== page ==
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Pironi’s car in Qualifying Friday afternoon.
Note the tan skirt panels and the little red tape pieces on the front wing leading out from the nose cone. Page 48 of 111
The long exhausts can be clearly seen in this image.
During Saturday morning practice Ferrari fitted Pironi’s car with a curious double
rear wing. To show that Ferrari was serious about it, Gilles ’ car was also fitted with this peculiar device during the lunch break and both cars took part in the Saturday qualifying using this rear wing configuration. During this qualifying session, both cars were run with black skirt panels. For the race, Ferrari wanted to prove a point on how regulations can be circumvented. The rules stated that the rear wing cannot be wider than 110 cm. But did not state how many rear wings one can have. So Ferrari used two wings of 110 cm slightly staggered side by side for a total width of 190 cm.
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Gilles during Qualifying on Saturday. Note the black skirt panels and the reversed Italian stripes on the side of the cockpit.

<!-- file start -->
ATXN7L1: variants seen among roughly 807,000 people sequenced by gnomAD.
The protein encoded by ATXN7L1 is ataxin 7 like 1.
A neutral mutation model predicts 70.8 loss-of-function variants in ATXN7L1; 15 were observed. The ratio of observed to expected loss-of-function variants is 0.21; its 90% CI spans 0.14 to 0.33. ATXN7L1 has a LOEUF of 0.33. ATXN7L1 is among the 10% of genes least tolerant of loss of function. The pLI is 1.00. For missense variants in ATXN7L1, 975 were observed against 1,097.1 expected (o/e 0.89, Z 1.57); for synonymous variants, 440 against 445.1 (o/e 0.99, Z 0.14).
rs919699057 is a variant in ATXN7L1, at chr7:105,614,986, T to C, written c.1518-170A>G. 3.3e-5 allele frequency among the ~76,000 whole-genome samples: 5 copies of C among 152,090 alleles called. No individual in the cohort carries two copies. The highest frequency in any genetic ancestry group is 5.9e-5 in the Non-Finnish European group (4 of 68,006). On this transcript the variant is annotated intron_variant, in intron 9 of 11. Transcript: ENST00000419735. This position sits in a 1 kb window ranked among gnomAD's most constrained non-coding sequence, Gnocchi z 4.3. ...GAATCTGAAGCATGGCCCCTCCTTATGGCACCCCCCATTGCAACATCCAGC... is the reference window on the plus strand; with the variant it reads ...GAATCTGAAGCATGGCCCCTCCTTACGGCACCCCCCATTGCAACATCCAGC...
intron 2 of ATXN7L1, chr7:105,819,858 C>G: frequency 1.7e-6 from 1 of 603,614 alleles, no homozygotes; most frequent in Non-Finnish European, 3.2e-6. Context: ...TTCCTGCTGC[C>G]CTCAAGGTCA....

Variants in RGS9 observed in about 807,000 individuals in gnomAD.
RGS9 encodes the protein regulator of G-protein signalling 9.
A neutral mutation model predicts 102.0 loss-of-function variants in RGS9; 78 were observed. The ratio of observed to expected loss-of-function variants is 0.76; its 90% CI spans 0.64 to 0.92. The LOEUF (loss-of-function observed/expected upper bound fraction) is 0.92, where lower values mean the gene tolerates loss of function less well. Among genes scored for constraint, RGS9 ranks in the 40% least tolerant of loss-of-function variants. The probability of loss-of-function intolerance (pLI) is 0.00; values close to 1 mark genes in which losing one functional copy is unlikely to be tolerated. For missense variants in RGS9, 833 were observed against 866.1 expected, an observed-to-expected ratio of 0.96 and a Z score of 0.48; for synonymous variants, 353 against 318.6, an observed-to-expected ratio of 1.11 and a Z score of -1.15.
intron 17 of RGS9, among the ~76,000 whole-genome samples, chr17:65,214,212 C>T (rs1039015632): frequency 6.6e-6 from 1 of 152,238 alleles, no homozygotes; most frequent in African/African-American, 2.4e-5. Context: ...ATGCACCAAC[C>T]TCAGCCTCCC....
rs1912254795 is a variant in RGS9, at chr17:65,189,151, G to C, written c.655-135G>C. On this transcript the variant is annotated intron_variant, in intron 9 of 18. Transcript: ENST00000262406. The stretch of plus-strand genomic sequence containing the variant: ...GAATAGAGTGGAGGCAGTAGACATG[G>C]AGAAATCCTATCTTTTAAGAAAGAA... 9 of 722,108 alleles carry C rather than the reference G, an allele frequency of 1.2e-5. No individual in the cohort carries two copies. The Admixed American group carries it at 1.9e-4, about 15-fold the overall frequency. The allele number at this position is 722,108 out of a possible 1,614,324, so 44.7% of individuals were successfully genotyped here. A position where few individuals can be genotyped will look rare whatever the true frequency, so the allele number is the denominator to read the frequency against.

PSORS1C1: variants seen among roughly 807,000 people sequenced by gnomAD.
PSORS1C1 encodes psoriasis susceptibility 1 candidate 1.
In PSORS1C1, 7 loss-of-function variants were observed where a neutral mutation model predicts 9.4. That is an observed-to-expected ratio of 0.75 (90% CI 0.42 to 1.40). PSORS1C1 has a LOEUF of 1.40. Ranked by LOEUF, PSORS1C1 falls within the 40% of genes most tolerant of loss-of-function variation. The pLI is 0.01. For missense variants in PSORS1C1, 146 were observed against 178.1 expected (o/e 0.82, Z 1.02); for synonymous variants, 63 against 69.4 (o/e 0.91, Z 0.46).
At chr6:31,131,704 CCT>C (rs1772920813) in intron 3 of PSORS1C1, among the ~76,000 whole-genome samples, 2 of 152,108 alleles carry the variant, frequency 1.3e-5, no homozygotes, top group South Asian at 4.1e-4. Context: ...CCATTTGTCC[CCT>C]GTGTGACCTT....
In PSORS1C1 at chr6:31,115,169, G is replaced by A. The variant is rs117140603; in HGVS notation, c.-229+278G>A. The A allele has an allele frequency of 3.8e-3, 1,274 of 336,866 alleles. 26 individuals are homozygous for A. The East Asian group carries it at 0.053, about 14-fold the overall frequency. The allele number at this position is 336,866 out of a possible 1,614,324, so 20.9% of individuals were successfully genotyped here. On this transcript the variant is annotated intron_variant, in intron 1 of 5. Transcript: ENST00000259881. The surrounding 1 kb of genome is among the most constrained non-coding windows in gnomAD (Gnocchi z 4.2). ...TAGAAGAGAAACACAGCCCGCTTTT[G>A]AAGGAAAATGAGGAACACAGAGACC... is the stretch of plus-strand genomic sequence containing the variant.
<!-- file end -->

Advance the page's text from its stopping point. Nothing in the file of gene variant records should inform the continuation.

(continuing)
Gilles during the race on Sunday. Note the tan skirt panels.
During the race both cars had the long exhausts, double rear wings, front wings and tan skirt panels with tan front brake ducts and 13 inch wheels at the front and 15 inch wheels at the rear. Page 51 of 111
Gilles qualified 7th and finished 3rd, but after a protest from Ken Tyrrell he was later disqualified because of that double rear wing. Didier qualified 9 th but spun off on lap 6. The following two images were taken during the race.
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Gran Premio di San Marino Imola, 23-25 April 1982 Pole Position: René Arnoux (Renault RE30B) Winner: Didier Pironi (Ferrari 126C2) Fastest Lap: Didier Pironi (Ferrari 126C2)
Quick Ferrari facts : nd
Gilles Villeneuve: 2 , qualified 3 st
Didier Pironi: 1 qualified 4
-15 inch rear wheels and 13 inch front wheels -Emulsystem used for the first time ( GPI , Dutch GP edition) -Villeneuve ran without a front wing, Pironi with a front wing -British fire extinguishers (instead of the old Ferrari ones) -Didier’s name was printed on a red sticker for a time during practice
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Pironi started practice in 056, Villeneuve had 058 while 057 was the T-car. Pironi then suffered suspension failure during Friday practice and switched to the backup 057. 059 was brought from Maranello for Pironi to race with on Sunday.
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After the accident on Friday, Pironi took over the spare car that had Gilles ’ name on it, so a red tape with “Didier” on it was quickly put over the name “Gilles” . This can be seen in this photo: